Battle of Wassaw Sound and CSS Atlanta

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Sketch of CSS Atlanta. Robert G. Skerrett, artist.
Date unknown. The Mariners’ Museum # PNc0001.

The CSS Atlanta was an ironclad transformation effort which used the iron-hull and Scottish-built engines of SS Fingal to fashion one of the Confederacy’s most powerful warships. The ironclad; however, had a deep draft which limited its operational area below Savannah. This coupled with a very rash and impetuous captain, Commander William Webb, resulted in Atlanta’s capture in a brief engagement with the monitors USS Weehawken and USS Nahant. The ironclad soon became the USS Atlanta and served until 1865 in the James River. It was later sold to Haiti and floundered en route without a trace.

SS Fingal

The Atlanta had its genesis from the merchant ship SS Fingal. This merchant ship was constructed at the J & G Thomson’s Clyde Bank Iron Shipyard at Govan in Glasgow, Scotland. The Fingal’s dimensions were:   Read more

USS ROANOKE: THE THREE-TURRETED MONSTER

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USS Roanoke during service as a steam frigate. Lithograph, artist and date unknown. Courtesy of Naval History & Heritage Command #NH 45364

The USS Roanoke was a Merrimack-class steam screw frigate built at the Gosport Navy Yard. The frigate was commissioned in 1857 and became the flagship of the Home Squadron. When the Civil War erupted, Roanoke captured several blockade runners and fought during the March 1862 Battle of Hampton Roads. Noting how the Confederates had transformed Merrimack into the ironclad CSS Virginia, the wooden Roanoke was converted into an ironclad at the Brooklyn Navy Yard. The new Roanoke featured three turrets; however, the extra weight of the iron made the vessel unstable and it spent the rest of the war in Hampton Roads, Virginia, and was scrapped in 1883.

A Novel Example of Naval Architecture   Read more

Gosport Navy Yard is Recaptured

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Ruins of Norfolk Navy Yard, Virginia. Alexander Gardner, photographer, ca. 1865. Courtesy Library of Congress.
Confederate Retreat from the Peninsula 

Time was running out for the Confederate navy in Hampton Roads. On the evening of May 3, 1862, General Joseph Eggleston Johnston ordered the evacuation of the Confederate Warwick-Yorktown Line. Johnston believed that the “fight for Yorktown must be one of artillery, in which we cannot win. The result is certain, time only doubtful.”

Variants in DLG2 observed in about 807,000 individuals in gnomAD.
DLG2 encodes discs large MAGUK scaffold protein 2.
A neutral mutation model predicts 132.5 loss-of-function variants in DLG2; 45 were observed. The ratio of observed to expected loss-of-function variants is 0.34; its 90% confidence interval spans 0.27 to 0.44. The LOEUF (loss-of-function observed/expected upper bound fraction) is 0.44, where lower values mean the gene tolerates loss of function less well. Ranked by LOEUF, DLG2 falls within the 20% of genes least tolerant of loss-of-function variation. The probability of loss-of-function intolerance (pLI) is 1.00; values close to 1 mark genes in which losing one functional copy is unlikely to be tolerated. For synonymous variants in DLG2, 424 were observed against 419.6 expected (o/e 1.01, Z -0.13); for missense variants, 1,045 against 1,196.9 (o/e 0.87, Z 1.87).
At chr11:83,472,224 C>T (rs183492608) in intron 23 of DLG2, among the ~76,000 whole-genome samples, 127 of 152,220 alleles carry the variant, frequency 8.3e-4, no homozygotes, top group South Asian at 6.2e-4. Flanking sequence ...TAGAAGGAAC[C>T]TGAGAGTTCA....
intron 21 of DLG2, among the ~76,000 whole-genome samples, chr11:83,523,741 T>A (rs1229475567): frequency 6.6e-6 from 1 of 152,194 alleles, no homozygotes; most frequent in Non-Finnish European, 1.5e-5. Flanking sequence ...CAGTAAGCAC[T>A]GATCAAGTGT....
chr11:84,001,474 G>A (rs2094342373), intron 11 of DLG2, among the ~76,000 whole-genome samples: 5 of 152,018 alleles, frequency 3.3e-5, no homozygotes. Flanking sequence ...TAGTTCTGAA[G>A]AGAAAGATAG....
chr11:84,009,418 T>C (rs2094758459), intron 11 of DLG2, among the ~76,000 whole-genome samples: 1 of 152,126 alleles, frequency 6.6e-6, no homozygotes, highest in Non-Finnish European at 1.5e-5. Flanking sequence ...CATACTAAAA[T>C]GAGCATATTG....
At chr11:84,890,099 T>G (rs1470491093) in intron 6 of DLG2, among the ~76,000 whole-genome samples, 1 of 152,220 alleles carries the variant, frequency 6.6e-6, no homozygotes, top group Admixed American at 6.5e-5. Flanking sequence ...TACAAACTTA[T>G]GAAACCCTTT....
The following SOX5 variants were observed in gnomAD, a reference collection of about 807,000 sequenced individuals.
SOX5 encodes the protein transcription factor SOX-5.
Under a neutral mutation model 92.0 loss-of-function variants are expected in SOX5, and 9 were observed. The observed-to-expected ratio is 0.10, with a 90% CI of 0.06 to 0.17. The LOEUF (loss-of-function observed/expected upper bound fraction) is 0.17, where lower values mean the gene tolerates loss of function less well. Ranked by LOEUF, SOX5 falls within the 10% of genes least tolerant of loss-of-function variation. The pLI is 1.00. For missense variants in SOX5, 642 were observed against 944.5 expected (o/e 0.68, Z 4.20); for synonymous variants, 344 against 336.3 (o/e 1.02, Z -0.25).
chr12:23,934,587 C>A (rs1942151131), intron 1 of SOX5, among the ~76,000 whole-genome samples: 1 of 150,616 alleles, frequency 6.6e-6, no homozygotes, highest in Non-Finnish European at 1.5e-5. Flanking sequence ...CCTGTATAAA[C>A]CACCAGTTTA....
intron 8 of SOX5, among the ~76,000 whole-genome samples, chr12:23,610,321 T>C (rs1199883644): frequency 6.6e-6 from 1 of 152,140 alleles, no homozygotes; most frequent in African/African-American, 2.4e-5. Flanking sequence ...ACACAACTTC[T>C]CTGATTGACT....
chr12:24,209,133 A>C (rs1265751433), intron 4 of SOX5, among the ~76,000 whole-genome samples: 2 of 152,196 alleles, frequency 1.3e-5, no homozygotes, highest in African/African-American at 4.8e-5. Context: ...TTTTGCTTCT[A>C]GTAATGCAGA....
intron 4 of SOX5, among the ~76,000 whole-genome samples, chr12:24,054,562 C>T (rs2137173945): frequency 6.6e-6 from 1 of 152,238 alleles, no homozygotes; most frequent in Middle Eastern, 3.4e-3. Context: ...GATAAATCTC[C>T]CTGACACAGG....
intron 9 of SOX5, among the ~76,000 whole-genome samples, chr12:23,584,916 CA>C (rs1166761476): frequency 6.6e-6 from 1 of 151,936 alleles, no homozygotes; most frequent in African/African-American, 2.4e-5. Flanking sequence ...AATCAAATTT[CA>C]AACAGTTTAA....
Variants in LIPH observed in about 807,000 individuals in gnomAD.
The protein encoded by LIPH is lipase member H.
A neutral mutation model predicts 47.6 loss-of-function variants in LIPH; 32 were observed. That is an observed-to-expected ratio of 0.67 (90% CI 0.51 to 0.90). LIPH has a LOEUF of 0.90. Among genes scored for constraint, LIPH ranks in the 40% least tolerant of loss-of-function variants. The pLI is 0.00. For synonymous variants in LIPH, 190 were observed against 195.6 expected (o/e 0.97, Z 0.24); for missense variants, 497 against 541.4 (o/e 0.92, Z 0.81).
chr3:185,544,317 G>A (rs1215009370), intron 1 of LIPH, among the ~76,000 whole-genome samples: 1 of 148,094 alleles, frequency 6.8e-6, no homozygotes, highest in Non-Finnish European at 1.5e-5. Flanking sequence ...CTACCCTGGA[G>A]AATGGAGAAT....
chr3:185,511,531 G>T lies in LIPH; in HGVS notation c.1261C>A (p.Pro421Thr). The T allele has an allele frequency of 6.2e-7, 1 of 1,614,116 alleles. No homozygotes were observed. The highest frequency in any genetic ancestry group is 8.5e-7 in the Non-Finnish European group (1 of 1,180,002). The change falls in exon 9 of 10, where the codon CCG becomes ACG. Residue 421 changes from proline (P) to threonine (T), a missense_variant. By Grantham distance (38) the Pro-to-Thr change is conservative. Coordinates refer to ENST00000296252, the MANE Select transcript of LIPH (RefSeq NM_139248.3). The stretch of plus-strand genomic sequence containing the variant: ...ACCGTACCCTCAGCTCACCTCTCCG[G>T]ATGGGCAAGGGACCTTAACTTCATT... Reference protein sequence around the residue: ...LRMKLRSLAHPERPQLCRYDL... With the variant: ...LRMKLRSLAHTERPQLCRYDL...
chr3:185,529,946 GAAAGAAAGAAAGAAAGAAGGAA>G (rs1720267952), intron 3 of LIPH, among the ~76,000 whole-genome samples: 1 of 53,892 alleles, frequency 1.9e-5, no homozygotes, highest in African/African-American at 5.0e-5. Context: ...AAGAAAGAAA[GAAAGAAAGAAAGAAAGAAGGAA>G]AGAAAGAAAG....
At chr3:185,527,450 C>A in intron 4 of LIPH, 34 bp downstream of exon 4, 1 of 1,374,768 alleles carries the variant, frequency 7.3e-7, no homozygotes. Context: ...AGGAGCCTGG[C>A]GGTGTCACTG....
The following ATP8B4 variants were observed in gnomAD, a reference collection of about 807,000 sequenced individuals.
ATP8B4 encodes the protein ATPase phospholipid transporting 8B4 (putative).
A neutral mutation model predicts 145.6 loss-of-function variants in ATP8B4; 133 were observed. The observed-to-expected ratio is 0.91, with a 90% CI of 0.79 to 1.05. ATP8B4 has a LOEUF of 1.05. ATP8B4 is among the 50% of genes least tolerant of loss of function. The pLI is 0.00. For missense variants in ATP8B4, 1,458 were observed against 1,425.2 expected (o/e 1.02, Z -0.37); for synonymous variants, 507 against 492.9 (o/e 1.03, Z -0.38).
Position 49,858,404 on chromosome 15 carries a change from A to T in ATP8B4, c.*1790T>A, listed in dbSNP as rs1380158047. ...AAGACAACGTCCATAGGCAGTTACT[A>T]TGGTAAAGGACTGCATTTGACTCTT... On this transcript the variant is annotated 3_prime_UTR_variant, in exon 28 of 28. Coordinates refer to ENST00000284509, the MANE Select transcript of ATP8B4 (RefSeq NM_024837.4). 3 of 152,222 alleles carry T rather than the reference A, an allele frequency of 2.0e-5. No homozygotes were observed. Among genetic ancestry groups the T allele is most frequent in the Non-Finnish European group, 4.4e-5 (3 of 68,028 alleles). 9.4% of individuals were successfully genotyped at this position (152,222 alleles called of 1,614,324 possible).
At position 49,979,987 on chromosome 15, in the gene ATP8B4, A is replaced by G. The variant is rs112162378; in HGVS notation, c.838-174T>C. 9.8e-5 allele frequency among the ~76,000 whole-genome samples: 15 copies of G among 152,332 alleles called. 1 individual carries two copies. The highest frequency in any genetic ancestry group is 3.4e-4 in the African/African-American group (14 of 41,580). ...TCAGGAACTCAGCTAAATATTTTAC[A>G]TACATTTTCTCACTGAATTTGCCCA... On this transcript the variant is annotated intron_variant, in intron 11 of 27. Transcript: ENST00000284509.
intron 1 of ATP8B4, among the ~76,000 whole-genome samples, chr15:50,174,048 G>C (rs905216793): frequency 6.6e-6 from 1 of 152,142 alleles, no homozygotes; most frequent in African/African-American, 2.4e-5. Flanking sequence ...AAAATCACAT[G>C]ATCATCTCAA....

Johnston’s retreat up the Peninsula toward Richmond forced the Southerners to make plans to abandon the port city and navy yard. When he learned of Johnston’s withdrawal, Confederate Secretary of the Navy Stephen Russell Mallory telegraphed Flag Officer Josiah Tattnall that Virginia alone would have to prevent the enemy from ascending the James River.   Read more

Gosport Navy Yard is Captured

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The Navy Yard at Norfolk. Harper’s Weekly, 1861. Courtesy Library of Congress.

The crisis at Gosport had reached its zenith by the morning of April 20, 1861. Flag Officer Charles Stewart McCauley appeared to have given up all hope of saving or defending Gosport Navy Yard. Early that morning, he learned that militia troops had seized Fort Norfolk and an extremely useful magazine filled more than 250,000 pounds of gunpowder. Therefore, McCauley believed he had no choice but to destroy the shipyard so that it would not fall into the hands of the Virginians. 

Escape Plan    Read more

Siege of Yorktown: The Navies

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The Siege of Yorktown, April 1862. Ch. Worret, contributor. Courtesy Library of Congress.
CSS Virginia Enables the 1862 Defense of Yorktown 

In spring 1862, Union general George Brinton McClellan had assembled a very powerful army around Washington, D.C. The Union had already recently achieved several major victories along the Mississippi River and its tributaries, as well as they had captured the North Carolina Sounds. McClellan’s army was poised and ready to strike at the Confederate capital at Richmond, Virginia. General McClellan, often called ‘Young Napoleon’ or ‘Little Mac,’ wanted nothing to do with a march overland toward Richmond. 

This path was blocked by General Joseph E. ‘Joe’ Johnston’s 45,000-strong army defending Manassas. In an effort to flank and isolate Johnston’s army away from Richmond, McClellan conceived the Urbanna Plan to move his army to the Rappahannock River at Urbanna, Virginia, and then strike directly at Richmond. Before the Union general could implement his campaign, Joe Johnston abandoned his Manassas defenses beginning March 6, 1862, and fell back to Fredericksburg. McClellan quickly offered a secondary amphibious operation to strike at Richmond by way of the Virginia Peninsula.   Read more